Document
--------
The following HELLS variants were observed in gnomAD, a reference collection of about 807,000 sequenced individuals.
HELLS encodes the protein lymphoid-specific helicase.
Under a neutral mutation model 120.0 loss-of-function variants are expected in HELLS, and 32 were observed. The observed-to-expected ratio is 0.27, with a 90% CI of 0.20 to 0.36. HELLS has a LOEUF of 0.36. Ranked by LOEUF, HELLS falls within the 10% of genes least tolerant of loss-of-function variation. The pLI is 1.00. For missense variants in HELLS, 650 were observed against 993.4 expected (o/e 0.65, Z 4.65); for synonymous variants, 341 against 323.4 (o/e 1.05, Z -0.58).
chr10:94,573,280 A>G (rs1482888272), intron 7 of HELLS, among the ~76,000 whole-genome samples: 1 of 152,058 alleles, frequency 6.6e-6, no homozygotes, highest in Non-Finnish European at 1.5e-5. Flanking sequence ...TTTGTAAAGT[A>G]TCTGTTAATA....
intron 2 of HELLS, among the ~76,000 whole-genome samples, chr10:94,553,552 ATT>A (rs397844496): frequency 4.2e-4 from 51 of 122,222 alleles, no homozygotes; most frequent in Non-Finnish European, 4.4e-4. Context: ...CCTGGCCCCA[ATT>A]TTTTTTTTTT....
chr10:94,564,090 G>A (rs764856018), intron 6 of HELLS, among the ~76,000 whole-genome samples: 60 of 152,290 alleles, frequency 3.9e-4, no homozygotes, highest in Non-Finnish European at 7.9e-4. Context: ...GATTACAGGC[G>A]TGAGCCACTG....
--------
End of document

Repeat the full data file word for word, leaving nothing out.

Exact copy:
The following HELLS variants were observed in gnomAD, a reference collection of about 807,000 sequenced individuals.
HELLS encodes the protein lymphoid-specific helicase.
Under a neutral mutation model 120.0 loss-of-function variants are expected in HELLS, and 32 were observed. The observed-to-expected ratio is 0.27, with a 90% CI of 0.20 to 0.36. HELLS has a LOEUF of 0.36. Ranked by LOEUF, HELLS falls within the 10% of genes least tolerant of loss-of-function variation. The pLI is 1.00. For missense variants in HELLS, 650 were observed against 993.4 expected (o/e 0.65, Z 4.65); for synonymous variants, 341 against 323.4 (o/e 1.05, Z -0.58).
chr10:94,573,280 A>G (rs1482888272), intron 7 of HELLS, among the ~76,000 whole-genome samples: 1 of 152,058 alleles, frequency 6.6e-6, no homozygotes, highest in Non-Finnish European at 1.5e-5. Flanking sequence ...TTTGTAAAGT[A>G]TCTGTTAATA....
intron 2 of HELLS, among the ~76,000 whole-genome samples, chr10:94,553,552 ATT>A (rs397844496): frequency 4.2e-4 from 51 of 122,222 alleles, no homozygotes; most frequent in Non-Finnish European, 4.4e-4. Context: ...CCTGGCCCCA[ATT>A]TTTTTTTTTT....
chr10:94,564,090 G>A (rs764856018), intron 6 of HELLS, among the ~76,000 whole-genome samples: 60 of 152,290 alleles, frequency 3.9e-4, no homozygotes, highest in Non-Finnish European at 7.9e-4. Context: ...GATTACAGGC[G>A]TGAGCCACTG....